As children, we question everything. “Why is the sky blue?” “What’s in this soup?” “Where do dead things go?” It is our way of examining the world with our tiny magnifying glasses of innocence and wonder. To me, asking questions was an effortless and necessary part of figuring out people, objects, and my pet cat Charlie to which I was allergic.
In high school, we would get extra points for having questions whenever a guest speaker came to talk. Before the first sentence was uttered, hands would be raised flapping in the air like birds in flight. The answers were never important. The fact that we had come up with a question was satisfaction enough.
Questions in college got harder to ask and even harder to answer. The questions required thought and the answers were less available in their purest form, reduced to scratched prisms that twisted and bended beams of thought. I started to learn the power of the question, of a question, in how one lives life and values the opinions of others. I wanted to ask a big question, an important question. And this desire to find one large, expansive question lead me to my decision to write a senior thesis.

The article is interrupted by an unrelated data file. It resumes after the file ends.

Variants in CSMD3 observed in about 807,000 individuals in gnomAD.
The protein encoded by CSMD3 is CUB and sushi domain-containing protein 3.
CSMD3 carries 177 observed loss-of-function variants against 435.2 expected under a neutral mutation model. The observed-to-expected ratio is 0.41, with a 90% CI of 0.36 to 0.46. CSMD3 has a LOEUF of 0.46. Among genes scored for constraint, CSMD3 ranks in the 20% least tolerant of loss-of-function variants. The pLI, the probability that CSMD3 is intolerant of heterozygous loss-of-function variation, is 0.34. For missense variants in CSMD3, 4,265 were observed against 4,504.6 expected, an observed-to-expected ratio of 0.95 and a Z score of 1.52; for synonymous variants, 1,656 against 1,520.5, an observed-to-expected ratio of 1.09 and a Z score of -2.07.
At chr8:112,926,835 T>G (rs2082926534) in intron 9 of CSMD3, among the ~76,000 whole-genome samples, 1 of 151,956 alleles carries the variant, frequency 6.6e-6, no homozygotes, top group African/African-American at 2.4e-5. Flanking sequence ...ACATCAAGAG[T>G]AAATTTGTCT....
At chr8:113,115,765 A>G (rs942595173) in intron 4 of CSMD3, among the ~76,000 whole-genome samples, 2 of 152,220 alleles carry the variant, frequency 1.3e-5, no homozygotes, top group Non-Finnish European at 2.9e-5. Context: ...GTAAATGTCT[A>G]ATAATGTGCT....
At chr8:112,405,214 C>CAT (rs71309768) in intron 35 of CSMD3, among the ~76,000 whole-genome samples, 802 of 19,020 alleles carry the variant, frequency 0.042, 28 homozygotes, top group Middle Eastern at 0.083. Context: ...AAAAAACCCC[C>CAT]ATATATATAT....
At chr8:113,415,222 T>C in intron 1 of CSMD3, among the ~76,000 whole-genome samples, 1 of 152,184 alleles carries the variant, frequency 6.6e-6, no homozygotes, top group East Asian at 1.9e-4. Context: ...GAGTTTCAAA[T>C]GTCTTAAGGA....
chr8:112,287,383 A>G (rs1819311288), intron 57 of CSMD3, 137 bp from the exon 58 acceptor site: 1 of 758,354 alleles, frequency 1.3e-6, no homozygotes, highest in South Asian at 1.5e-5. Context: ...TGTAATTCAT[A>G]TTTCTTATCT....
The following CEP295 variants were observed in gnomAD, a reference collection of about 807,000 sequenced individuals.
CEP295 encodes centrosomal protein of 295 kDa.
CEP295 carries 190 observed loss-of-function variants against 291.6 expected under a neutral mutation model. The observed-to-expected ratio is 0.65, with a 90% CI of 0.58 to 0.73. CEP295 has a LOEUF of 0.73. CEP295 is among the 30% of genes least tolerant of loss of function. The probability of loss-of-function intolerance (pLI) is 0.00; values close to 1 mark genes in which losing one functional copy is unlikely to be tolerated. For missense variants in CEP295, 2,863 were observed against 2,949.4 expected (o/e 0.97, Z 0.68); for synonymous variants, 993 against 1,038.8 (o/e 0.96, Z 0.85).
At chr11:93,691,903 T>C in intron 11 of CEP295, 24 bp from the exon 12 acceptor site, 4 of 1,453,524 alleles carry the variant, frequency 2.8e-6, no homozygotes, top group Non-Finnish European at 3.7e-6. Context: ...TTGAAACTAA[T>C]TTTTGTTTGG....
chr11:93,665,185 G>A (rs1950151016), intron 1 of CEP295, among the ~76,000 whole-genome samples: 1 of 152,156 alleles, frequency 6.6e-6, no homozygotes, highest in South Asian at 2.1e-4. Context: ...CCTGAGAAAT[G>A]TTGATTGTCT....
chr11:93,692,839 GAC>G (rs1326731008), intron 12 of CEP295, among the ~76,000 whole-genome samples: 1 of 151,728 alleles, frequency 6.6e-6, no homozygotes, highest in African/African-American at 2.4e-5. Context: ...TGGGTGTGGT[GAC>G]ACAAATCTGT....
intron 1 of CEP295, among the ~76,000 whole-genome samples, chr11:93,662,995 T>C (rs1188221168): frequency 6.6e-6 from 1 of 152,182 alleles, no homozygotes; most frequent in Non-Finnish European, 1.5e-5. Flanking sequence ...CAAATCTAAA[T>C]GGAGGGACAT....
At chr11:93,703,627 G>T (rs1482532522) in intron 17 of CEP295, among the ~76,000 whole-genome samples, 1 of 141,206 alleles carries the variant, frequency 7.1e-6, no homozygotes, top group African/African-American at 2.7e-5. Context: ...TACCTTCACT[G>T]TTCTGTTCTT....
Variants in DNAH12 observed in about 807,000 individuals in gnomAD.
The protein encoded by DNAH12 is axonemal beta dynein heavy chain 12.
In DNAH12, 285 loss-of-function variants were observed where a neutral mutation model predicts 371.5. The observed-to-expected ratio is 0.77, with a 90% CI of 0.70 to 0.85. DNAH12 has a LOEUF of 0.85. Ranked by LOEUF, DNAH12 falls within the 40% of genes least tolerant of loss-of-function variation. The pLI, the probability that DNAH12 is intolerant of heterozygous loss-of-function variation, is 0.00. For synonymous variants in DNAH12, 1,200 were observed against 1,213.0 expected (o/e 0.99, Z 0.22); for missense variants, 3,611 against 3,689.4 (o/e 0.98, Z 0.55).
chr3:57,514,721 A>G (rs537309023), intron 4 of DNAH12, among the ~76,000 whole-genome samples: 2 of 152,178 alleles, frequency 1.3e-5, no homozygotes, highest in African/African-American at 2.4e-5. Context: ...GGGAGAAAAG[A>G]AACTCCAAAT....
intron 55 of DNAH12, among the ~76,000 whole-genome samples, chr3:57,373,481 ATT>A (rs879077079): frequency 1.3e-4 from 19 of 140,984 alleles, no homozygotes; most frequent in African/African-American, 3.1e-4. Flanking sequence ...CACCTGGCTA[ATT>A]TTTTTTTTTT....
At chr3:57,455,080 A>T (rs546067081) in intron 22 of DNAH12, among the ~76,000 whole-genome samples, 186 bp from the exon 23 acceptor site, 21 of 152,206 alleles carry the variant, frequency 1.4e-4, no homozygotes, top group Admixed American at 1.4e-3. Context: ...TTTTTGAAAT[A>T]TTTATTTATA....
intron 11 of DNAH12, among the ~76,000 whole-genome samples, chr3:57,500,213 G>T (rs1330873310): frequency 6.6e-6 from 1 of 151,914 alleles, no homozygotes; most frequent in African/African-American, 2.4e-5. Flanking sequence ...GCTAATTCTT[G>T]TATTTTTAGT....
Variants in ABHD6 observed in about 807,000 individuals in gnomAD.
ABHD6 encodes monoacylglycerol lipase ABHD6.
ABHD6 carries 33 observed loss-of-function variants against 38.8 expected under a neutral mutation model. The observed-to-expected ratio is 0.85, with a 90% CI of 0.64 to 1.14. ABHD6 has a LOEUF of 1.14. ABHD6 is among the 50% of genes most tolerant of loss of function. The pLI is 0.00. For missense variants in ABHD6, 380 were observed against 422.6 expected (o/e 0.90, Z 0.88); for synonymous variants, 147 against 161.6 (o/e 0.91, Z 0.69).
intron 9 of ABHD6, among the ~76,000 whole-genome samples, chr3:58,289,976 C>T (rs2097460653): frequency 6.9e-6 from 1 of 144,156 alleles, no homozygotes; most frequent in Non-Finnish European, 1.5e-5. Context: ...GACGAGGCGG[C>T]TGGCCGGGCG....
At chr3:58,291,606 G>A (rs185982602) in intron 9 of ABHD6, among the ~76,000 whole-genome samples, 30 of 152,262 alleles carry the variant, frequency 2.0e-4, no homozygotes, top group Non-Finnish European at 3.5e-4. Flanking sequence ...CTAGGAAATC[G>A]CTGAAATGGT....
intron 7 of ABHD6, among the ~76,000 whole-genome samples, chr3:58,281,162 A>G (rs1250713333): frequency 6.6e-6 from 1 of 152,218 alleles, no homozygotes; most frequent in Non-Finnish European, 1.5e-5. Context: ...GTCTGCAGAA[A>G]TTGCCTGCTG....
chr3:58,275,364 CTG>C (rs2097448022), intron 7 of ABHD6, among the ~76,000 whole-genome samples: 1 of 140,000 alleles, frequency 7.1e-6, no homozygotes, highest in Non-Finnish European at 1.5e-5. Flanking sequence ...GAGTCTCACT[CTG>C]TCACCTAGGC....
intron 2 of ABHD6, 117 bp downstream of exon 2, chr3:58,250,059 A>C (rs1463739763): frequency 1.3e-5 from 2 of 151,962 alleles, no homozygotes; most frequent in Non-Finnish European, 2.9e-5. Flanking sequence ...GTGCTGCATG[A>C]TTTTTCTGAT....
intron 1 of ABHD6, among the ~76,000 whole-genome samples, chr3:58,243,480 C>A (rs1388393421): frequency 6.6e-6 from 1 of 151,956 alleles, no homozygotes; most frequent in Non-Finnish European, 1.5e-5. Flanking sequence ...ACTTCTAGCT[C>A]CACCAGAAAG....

At the end of my junior year, my thesis question seemed far away and full of possibility. I could research whatever interested me, searching for answers to the question I posed. But that question is no longer a mirage in the distance. Yesterday, my thesis advisor informed me that I had a lot of great ideas about the Philippines, its social structure, and internationally funded environmental protection projects. My adventures over the summer would definitely come in handy over the next 7 months when I would begin to wrestle with the available data. But right now what I needed most of all…was a question. A simple request at the surface, but coming up with just one question proved harder than I could have imagined. And I am struggling…
My grandfather sent me a gift last week, tucked inside one of his homemake cardboard boxes. The small wooden carving about two inches high had come alone. No note, no explanation. But isn’t that the way of questions? They often appear quite out of the blue, just to make sure you’re paying attention.